In my meetings with my staff I often talk about staying out of the “Ivory Tower”. As defined in the dictionary, it means:
“A place or attitude of retreat, especially preoccupation with lofty, remote, or intellectual considerations rather than practical everyday life”
In practical business terms, it means spending too much time behind their desks and their computers (and their e-mail), and not enough with their teammates and customers.
If you spend too much time in the tower, it can become a real nightmare trying to effectively lead – you spend a considerable amount of time simply trying to find out what really going on out there. Worse, you make far too many important decisions based on only partial information, and worse yet, on pure heresay.
Hearsay can kill a business dead in its tracks. If you have staff in other ivory towers around you, the information you get from them is at least second hand. And filtered by the bias and perspective of the deliverer.
Granted, a leader can’t be in the field and talking to customers all the time, but even a modest amount of “hands on” involvement can make a huge difference. I travel to the field at least twice a month, and that experience has been invaluable as we have pushed towards our overall goals and objectives.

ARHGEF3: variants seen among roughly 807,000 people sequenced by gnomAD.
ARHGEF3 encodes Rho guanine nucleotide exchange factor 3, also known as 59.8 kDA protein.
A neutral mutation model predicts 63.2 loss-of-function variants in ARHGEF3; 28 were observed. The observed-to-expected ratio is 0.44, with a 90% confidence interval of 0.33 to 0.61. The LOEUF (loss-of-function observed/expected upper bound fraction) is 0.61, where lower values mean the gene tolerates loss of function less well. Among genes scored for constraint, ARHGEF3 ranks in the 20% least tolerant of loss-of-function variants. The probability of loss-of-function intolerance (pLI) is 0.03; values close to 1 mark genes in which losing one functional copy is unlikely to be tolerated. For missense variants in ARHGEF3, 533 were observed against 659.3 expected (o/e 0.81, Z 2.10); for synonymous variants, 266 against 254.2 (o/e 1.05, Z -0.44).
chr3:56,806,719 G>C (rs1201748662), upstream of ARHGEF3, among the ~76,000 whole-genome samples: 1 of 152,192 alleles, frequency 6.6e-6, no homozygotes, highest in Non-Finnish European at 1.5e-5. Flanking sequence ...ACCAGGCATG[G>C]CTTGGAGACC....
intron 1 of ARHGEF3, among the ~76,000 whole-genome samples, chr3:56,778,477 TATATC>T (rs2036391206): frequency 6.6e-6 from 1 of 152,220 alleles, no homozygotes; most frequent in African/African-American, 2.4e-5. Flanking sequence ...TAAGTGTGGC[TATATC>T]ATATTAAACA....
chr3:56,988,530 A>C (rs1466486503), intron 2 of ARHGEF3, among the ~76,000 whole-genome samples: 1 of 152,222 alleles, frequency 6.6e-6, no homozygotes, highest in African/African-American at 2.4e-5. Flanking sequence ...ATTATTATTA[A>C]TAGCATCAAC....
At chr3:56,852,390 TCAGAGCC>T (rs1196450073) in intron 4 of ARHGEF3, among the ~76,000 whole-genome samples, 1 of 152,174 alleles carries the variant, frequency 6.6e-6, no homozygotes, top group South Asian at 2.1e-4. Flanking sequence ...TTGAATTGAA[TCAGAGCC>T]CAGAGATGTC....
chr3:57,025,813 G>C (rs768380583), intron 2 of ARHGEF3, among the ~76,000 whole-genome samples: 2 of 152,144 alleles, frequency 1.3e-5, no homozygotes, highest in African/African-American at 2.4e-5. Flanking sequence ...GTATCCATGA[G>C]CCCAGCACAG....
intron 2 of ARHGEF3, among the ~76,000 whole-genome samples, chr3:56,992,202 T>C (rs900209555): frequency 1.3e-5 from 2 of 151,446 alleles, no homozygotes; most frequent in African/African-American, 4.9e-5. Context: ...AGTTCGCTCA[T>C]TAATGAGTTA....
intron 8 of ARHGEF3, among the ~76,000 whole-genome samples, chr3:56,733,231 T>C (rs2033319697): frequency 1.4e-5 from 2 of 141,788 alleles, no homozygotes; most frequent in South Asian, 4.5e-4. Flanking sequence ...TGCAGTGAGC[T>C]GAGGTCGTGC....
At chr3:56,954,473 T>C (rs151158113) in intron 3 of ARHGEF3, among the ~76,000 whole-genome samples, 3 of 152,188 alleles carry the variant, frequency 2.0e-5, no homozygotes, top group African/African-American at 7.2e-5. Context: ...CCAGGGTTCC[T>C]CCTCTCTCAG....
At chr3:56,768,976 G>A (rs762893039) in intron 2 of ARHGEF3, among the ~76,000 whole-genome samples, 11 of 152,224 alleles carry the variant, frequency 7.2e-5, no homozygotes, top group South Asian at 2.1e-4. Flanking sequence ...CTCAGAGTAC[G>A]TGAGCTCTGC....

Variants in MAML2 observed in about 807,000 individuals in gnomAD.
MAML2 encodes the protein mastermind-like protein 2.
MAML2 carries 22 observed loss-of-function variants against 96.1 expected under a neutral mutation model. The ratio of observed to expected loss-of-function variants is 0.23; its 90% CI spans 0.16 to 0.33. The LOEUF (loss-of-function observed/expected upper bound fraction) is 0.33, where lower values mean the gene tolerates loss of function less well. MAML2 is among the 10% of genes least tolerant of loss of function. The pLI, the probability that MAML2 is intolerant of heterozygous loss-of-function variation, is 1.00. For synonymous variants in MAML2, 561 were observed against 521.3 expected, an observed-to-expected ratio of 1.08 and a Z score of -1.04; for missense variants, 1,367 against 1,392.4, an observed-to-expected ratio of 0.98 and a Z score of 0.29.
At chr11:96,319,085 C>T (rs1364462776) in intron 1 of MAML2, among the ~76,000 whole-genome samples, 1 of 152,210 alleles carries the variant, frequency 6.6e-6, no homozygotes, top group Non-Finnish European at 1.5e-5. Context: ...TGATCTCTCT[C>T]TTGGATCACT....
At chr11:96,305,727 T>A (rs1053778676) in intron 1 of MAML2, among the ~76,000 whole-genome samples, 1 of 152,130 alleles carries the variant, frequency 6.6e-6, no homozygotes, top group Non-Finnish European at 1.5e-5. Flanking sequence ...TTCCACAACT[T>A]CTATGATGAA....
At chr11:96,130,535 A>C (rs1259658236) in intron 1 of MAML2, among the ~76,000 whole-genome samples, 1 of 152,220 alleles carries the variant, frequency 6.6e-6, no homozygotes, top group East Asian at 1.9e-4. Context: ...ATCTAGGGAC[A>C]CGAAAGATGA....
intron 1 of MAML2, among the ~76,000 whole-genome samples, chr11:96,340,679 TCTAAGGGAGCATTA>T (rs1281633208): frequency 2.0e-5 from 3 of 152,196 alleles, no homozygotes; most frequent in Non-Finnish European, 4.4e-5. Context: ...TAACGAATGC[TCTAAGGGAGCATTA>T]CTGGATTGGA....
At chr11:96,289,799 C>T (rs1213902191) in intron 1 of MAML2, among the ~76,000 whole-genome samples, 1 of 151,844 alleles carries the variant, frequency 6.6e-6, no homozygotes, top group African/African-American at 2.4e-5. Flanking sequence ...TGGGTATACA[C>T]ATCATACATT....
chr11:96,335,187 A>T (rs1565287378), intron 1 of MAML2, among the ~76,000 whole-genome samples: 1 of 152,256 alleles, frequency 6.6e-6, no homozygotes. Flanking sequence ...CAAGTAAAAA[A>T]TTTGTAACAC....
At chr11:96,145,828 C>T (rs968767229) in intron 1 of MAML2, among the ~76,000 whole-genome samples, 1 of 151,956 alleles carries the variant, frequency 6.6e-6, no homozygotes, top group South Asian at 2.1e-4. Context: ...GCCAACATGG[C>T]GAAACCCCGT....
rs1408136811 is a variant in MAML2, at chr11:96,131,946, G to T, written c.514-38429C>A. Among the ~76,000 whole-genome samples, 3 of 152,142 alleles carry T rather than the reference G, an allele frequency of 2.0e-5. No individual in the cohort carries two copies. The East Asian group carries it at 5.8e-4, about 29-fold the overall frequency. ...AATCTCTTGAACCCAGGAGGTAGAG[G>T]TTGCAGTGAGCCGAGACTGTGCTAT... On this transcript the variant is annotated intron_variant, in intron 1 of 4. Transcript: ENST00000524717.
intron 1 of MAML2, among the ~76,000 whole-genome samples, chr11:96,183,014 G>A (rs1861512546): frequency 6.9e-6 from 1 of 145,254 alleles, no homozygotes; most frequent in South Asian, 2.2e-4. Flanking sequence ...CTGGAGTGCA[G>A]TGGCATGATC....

I can see how corporate directives actually affect those who have to carry them out – going beyond the pure dollars and cents that are seen on the spreadsheets that typically drive those directives (there a lot of spreadsheets in the ivory tower).
I know the money stuff is important (after all, I majored in accounting), but that is only part of the complete picture that needs to be drawn.
There’s also a huge morale benefit to having a leader spend time side by side with his or her teammates in the field – listening to them and their concerns, and spending time explaining the “whys” of the business and the vision behind them.
So avoid the nightmare – get out of the tower and roll up the sleeves!